Extreme Performance in Test Cricket:
Batting v Bowling
One
difficulty in judging the most remarkable cricketing performances lies in the
different basis of batting and bowling figures. The challenge is to put batting
and bowling on the same scale, without using arbitrary conversion formulas or
weighting factors. It can be done.
The
difficulty begins with properly ranking bowling performances; we must take into
account both wickets taken and runs conceded. Take an example: while standard
lists would list a bowler taking 11 for 150 above a bowler taking 10 for 30,
most would agree that the latter is the more remarkable return. There is a way
to quantify this statistically, based on the observation that bowling returns
follow a ‘normal distribution’ or Bell Curve. For each specific number of
wickets, there is a separate Bell Curve, and the remarkable thing is that each
of the curves has much in common; at five wickets or above, they all peak at
110135 runs and have similar spreads or standard deviations of around 3540.
The difference is in the height of the curves, reflecting increasing rarity as
the number of wickets climbs.
Using these
observations, different bowling performances can be matched according to how
rare they are. For example, the analysis of all Tests since 1966 shows that the
following match returns are similar in terms of rarity: 7 for 35, 8 for 50, 9
for 65, 10 for 80, 11 for 100, 12 for 125, and 13 for 150+. These are equivalent,
in terms of rarity, to a batsman scoring about 225 runs in a match. [Note that taking
14 or more wickets, regardless of runs conceded, is always rarer than the
above, and will always have a rarity value higher than 225, as will a bowler
taking 13 wickets for less than 150 runs.]
By expanding
this analysis, to cover all performances, any bowling performance can be
matched with its batting equivalent, based on rarity value. The calculation can
be reduced to a statistical formula based on normal distributions. We can now
create a ranked table of extreme performances, putting batting and bowling on
the same scale. Batting performances are untouched, a simple total of runs
scored.
If we start
by looking at pure batting or bowling performances over a whole match, the list
is:
The Most Extreme Batting and Bowling Performances:
Test Cricket since 1966
Score 

456 
1.
GA Gooch 
333
& 123 
Eng v Ind,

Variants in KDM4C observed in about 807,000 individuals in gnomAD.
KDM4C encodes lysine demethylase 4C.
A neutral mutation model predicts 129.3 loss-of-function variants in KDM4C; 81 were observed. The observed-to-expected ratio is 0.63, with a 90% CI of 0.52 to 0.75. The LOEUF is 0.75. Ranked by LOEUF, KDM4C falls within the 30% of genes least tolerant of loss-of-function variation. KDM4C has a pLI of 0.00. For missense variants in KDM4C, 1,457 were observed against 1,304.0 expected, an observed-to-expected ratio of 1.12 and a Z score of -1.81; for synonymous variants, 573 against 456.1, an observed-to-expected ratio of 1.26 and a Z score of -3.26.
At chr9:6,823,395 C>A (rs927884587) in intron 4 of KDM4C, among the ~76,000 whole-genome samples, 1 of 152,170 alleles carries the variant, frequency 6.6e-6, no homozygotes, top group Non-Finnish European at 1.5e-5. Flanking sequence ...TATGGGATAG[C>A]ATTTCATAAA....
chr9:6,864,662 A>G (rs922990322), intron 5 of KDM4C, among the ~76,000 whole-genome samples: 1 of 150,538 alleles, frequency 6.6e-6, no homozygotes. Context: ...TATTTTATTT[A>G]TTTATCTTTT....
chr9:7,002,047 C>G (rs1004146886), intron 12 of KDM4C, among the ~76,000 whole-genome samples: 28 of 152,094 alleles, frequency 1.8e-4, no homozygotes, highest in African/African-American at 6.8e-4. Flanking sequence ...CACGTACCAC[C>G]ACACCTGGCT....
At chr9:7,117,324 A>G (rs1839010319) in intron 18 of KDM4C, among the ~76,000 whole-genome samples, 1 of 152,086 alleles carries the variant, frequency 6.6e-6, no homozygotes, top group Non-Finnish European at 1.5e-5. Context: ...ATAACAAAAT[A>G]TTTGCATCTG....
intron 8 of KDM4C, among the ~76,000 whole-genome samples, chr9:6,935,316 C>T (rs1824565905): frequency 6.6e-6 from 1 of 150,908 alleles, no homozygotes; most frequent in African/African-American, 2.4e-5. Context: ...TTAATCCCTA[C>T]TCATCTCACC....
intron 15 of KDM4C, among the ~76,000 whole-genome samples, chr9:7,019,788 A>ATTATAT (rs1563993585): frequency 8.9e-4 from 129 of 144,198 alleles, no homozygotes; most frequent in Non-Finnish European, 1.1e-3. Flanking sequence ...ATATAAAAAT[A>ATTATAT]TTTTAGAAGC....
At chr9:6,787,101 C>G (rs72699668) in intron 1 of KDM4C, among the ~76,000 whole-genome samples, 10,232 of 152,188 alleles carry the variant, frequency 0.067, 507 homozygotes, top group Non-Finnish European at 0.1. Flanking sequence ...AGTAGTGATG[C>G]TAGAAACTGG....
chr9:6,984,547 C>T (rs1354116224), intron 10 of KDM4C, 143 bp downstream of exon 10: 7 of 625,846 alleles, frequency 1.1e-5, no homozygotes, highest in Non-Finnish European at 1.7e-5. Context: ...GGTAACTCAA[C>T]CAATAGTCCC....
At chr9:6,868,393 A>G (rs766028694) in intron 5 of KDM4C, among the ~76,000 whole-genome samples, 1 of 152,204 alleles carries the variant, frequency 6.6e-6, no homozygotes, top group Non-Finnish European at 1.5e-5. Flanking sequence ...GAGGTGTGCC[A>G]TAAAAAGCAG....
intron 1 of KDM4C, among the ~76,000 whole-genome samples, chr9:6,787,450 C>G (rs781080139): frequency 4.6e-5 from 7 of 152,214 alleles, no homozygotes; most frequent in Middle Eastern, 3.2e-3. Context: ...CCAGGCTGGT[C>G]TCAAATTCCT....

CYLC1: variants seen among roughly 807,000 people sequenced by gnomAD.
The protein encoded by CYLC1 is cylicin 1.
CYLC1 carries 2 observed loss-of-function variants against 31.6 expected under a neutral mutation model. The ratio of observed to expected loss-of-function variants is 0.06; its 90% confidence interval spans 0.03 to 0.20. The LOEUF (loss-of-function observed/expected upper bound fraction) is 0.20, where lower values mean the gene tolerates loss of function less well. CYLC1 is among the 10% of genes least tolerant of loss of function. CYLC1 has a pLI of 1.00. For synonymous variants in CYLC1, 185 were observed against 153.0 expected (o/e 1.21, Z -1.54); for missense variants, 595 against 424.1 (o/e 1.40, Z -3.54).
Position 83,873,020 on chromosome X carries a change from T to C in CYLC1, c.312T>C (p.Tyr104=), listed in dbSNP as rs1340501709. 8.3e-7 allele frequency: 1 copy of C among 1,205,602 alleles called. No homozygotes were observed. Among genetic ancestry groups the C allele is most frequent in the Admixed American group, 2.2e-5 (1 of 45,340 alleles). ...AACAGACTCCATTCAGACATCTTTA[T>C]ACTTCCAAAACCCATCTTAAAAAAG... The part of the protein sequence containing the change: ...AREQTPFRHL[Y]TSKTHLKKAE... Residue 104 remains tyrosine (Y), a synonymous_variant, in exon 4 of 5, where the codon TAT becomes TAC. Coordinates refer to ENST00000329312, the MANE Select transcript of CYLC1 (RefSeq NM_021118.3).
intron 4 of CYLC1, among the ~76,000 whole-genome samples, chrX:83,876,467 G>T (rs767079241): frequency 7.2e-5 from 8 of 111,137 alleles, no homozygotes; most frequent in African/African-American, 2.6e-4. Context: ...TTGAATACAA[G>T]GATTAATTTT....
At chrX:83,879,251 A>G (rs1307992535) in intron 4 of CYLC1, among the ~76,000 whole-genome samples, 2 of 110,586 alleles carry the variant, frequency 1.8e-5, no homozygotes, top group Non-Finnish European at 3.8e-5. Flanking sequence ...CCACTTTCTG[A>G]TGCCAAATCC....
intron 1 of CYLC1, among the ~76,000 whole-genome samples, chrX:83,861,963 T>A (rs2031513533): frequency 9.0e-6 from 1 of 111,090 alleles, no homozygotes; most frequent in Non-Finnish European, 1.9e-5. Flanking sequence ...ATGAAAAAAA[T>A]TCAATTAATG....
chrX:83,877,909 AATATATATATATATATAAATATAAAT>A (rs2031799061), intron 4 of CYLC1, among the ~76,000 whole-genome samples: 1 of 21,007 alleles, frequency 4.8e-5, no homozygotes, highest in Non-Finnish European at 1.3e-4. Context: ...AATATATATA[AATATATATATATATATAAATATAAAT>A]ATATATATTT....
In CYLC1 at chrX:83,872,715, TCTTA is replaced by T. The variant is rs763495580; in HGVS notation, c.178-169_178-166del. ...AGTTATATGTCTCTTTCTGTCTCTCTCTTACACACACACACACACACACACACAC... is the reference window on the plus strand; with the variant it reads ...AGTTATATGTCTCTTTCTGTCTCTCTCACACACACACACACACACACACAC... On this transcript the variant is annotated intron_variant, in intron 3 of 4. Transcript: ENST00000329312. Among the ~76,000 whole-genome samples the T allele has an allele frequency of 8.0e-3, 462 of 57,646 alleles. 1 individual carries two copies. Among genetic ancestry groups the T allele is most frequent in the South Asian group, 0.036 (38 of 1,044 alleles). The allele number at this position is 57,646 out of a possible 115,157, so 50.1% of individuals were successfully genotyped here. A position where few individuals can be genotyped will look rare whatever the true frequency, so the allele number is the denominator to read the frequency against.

Lord's 1990 

426 
2.
MA Taylor 
334*
& 92 
Aus v Pak, Peshawar (Niaz)
1998/99 

424 
3.
KC Sangakkara 
319
& 105 
SL
v Ban, Chittagong 2013/14 

414 
4.
CA Walsh 
13/55
(7/37 & 6/18) 
WI
v NZ, Wellington 1994/95 

400 
5.
BC Lara 
400* 
WI
v Eng, Antigua (St John's) 2004 

394 
6.
ND Hirwani 
16/136
(8/61 & 8/75) 
Ind v WI, Chennai (Chepauk)
1987/88 

393 
7.
RAL Massie 
16/137
(8/84 & 8/53) 
Aus v Eng,
Lord's 1972 

381 
8.
GD McGrath 
10/27
(6/17 & 4/10) 
Aus v WI, Brisbane ('Gabba')
2000/01 

380 
9.
GS Chappell 
247*
& 133 
Aus v NZ, Wellington 1973/74 

380 
10.
ML Hayden 
380 
Aus v Zim,
Perth (WACA) 2003/04 

378 
11.
DL Underwood 
13/71
(5/20 & 8/51) 
Eng v Pak, Lord's 1974 

375 
12.
BC Lara 
375 
WI
v Eng, Antigua (St John's) 1994 

374 
13.
DPMD Jayawardene 
374 
SL
v SAf, Colombo2 (SSC) 2006 

370 
14.
RJ Hadlee 
15/123
(9/52 & 6/71) 
NZ
v Aus, Brisbane ('Gabba')
1985/86 

362 
15. GC Smith 
277 & 85 
SAf v Eng, Birmingham (Edgbaston) 2003 






Batting performances
outnumber bowling in such lists because recognised batsmen outnumber bowlers. In
an extended list, the ratios of batting to bowling remains relatively steady
all the way down, even if looking at the Top One Thousand or more.
It must be
stressed that these are pure statistical assessments, with a minimum of
adjustment factors or arbitrary weightings. If you are looking for “The
Greatest”, there are many other factors to consider: too many, perhaps, for
now, but it might be feasible to build on these rankings by bringing in some of
these factors.
One
advantage of putting batting and bowling on the same scale is that allround
performance can now be included, simply by adding up the totals. The allround
list looks like this
Combined Score 

481 
1.
GA Gooch 
333
& 123, 1/26 
Eng v Ind,
Lord's 1990 
441 
2.
TM Dilshan 
162
& 143, 4/10 
SL
v Ban, Chittagong 2008/09 
432 
3.
IT Botham 
114,
6/58 & 7/48 
Eng v Ind,
Mumbai (Wankhede) 1979/80 
426 
4.
MA Taylor 
334*
& 92 
Aus v Pak, Peshawar (Niaz)
1998/99 
424 
5.
RJ Hadlee 
54,
9/52 & 6/71 
NZ
v Aus, Brisbane ('Gabba')
1985/86 
424 
6.
KC Sangakkara 
319
& 105 
SL
v Ban, Chittagong 2013/14 
414 
7.
CA Walsh 
7/37
& 6/18 
WI
v NZ, Wellington 1994/95 
404 
8.
ST Jayasuriya 
340,
3/45 
SL
v Ind, Colombo4 (RPS) 1997 
401 
9.
Mushtaq Mohammad 
201,
2/15 & 5/49 
Pak
v NZ, Dunedin 1972/73 
400 
10.
BC Lara 
400* 
WI
v Eng, Antigua (St John's) 2004 
395 
11.
ND Hirwani 
1,
8/61 & 8/75 
Ind v WI, Chennai (Chepauk)
1987/88 
393 
12.
RAL Massie 
0,
8/84 & 8/53 
Aus v Eng,
Lord's 1972 
390 
13.
DL Underwood 
12*,
5/20 & 8/51 
Eng v Pak, Lord's 1974 
388 
14.
M Muralitharan 
30,
7/155 & 9/65 
SL
v Eng, The Oval 1998 
382 
15.
GS Chappell 
247*
& 133, 0/27 
Aus v NZ, Wellington 1973/74 
381 
16.
GD McGrath 
0,
6/17 & 4/10 
Aus v WI, Brisbane ('Gabba')
2000/01 
380 
17.
Imran Khan 
39,
8/58 & 6/58 
Pak
v SL, Lahore (Gaddafi) 1981/82 
380 
18.
ML Hayden 
380 
Aus v Zim,
Perth (WACA) 2003/04 
377 
19.
GStA Sobers 
174,
5/41 & 3/39 
WI
v Eng, Leeds (Headingley)
1966 
375 
20.
BC Lara 
375 
WI
v Eng, Antigua (St John's) 1994 
For those
interested in earlier performances, the highest rating of all goes to Jim
Laker’s 19 for 90 at Old Trafford in 1956, equivalent to a score in the region
of 550. This, of course, is far beyond any recorded batting figure, but perhaps
this is fair enough, since Laker’s return also stands as an alltime record for
firstclass cricket, and no one else has taken more than 17 wickets in a
firstclass (11 a side) match.
Charles
Davis
September
2015